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In vitro evidence of the role of COX-2 in attenuating gastric inflammation and promoting gastric carcinogenesis.

  • Hahm, Ki-Baik
  • Lim, Ho-Yeong
  • Sohn, Seongbyang
  • Kwon, Hyuk-Jae
  • Lee, K-Myung
  • Lee, Jeong-Sang
  • Surh, Young-Joon
  • Kim, Young-Bae
  • Joo, Hee-Jae
  • Kim, Won-Seok
  • Cho, Seung-Won
Published Article
Journal of environmental pathology, toxicology and oncology : official organ of the International Society for Environmental Toxicology and Cancer
Publication Date
Jan 01, 2002
PMID: 12086403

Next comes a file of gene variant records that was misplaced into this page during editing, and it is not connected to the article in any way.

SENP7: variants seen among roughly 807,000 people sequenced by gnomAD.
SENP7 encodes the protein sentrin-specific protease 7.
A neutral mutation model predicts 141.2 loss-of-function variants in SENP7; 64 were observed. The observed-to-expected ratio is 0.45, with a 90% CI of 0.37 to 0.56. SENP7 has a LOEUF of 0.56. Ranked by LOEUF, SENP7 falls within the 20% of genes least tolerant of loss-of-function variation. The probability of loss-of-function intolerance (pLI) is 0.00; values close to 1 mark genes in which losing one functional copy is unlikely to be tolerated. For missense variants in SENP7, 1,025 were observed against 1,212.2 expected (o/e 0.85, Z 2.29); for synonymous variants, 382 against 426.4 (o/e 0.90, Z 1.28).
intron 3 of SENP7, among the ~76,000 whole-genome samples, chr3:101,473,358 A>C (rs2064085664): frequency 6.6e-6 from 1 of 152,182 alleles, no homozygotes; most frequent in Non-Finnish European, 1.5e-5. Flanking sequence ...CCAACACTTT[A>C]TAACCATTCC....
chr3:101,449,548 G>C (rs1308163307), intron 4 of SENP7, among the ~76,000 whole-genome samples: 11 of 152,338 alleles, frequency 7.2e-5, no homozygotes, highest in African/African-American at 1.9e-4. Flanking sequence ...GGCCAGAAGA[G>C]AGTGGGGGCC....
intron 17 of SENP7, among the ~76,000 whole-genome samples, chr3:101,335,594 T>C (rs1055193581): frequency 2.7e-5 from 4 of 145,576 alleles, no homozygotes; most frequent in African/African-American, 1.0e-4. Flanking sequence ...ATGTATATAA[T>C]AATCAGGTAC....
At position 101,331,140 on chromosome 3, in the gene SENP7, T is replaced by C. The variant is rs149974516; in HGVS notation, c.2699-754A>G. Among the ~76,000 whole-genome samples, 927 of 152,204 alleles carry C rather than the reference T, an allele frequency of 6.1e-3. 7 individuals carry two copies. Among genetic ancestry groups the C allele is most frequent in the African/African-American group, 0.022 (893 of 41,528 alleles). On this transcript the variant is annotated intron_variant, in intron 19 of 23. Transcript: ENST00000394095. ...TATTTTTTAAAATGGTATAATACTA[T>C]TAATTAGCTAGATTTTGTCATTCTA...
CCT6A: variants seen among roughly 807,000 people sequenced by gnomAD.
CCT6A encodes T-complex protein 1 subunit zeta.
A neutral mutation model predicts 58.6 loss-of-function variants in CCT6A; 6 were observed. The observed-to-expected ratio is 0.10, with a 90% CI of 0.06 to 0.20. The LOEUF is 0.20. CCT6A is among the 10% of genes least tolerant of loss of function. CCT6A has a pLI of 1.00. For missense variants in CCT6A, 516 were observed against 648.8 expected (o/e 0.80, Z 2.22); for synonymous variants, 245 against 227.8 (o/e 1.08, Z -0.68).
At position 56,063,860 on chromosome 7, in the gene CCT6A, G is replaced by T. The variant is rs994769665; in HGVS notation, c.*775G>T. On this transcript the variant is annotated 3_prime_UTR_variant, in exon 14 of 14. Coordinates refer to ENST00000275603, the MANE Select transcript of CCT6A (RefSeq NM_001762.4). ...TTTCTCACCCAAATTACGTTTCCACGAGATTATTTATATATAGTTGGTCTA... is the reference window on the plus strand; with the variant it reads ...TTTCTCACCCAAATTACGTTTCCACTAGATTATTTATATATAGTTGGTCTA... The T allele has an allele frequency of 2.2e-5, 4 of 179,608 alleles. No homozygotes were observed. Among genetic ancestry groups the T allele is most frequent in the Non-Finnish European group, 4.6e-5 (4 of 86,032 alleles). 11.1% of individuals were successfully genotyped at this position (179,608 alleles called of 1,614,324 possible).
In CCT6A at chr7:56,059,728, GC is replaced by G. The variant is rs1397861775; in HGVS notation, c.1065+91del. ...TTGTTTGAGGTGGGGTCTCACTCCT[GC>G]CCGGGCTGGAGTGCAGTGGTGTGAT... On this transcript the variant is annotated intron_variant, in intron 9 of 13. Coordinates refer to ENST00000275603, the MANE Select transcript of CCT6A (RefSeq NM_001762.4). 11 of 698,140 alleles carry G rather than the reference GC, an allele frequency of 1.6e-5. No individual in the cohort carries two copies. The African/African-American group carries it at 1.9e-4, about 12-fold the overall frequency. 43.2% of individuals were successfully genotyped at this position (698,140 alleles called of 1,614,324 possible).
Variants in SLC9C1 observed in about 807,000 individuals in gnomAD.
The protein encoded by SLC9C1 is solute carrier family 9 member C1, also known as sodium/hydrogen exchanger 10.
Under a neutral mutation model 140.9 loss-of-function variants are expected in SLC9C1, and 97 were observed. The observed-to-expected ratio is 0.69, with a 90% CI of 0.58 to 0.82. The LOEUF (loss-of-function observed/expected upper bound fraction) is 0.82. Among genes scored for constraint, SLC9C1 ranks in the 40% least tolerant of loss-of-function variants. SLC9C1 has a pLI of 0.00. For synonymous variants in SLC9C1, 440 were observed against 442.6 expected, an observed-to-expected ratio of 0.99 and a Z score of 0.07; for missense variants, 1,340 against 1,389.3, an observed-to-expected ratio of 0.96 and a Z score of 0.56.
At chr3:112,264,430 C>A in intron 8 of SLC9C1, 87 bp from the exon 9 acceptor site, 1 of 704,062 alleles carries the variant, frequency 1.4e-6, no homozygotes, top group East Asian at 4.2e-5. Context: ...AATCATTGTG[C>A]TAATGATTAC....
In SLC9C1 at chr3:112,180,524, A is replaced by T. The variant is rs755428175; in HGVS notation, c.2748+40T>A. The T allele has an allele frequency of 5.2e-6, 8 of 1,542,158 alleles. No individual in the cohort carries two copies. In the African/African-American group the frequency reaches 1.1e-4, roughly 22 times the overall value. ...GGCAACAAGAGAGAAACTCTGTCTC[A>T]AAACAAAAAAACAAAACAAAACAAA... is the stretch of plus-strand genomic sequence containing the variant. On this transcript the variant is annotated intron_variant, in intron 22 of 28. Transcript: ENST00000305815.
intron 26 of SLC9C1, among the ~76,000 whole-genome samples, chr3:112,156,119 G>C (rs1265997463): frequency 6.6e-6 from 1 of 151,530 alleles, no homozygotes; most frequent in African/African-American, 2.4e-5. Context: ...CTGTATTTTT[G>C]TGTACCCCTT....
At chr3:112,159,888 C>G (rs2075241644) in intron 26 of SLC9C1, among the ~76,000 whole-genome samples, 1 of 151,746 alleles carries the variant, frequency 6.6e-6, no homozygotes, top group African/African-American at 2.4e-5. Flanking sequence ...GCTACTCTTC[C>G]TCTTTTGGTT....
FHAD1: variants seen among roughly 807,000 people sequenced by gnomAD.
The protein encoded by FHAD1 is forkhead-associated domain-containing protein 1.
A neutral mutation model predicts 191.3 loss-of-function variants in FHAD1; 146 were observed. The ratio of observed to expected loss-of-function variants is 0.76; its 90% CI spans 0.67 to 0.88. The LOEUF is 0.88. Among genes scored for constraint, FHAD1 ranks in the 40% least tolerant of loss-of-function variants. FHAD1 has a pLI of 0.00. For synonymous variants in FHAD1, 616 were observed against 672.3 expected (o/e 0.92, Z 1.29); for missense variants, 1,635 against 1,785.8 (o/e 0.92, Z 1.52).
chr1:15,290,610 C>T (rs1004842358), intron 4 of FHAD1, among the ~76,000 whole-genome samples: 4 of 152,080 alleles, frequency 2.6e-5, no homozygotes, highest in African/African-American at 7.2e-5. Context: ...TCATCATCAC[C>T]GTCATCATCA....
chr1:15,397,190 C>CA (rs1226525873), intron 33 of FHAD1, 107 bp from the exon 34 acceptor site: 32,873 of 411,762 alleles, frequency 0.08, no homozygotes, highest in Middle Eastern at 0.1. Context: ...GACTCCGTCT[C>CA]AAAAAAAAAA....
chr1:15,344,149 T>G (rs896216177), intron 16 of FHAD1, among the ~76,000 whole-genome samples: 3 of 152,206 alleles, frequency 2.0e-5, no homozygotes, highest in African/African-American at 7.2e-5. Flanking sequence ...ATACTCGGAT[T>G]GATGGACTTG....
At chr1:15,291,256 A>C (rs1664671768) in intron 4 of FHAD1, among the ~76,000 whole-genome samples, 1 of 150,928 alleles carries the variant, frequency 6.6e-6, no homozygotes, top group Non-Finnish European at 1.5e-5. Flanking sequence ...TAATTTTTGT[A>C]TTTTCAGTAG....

Although gastric adenocarcinoma is one of the most common malignancies in the world, little is known about its exact molecular processes in development and progression. Recent studies suggest that COX-2 is important in carcinogenesis of gastrointestinal cancers, and is especially involved in carcinogenesis in a mouse model of familial adenomatosis polyposis. To understand the role of COX-2 in gastric carcinogenesis and Helicobacter pylori-associated gastritis, we measured COX-2 expression in 170 human gastric carcinoma tissues byimmunohistochemical analysis and compared the expression of COX-2 in paired tissues obtained from normal-looking and cancer-bearing mucosa. Further evidence of the involvement of COX-2 in gastritis and gastric carcinogenesis was obtained by establishing stable cell lines overexpressing COX-2. After subcloning of COX-2 into pCB7 mammalian expression vector, two stable cell lines named MKN-28-COX-2 and MKN-45-COX-2 were generated by transfection of COX-2 cDNA. To understand the effect of COX-2 on gastritis, we performed an electrophoretic mobility shift assay of NF-kappaB (inflammation-associated transcription factor), and measured malondialdehyde levels and chemiluminescence activities in both mock-transfected MKN and MKN-COX-2 cells after stimulation of H. pylori (1 x 10(6) CFU/mL) and neutrophils (10(2) cells/mL). A marked attenuation of NF-kappaB bindings and generation of free radicals was observed in COX-2 overexpressed cells. Another set of experiments, including the growth inhibition by TGF-beta treatment, Matrigel invasion assay, and apoptosis assay, was done. COX-2 showed the advantage of the escape from the growth inhibition by TGF-beta through decreasing TGF-beta RII expression and increased cell invasiveness. In conclusion, COX-2 expression seems to be induced to attenuate the degree of atrophic gastritis, the initial event in gastric carcinogenesis, and promote gastric carcinogenesis.

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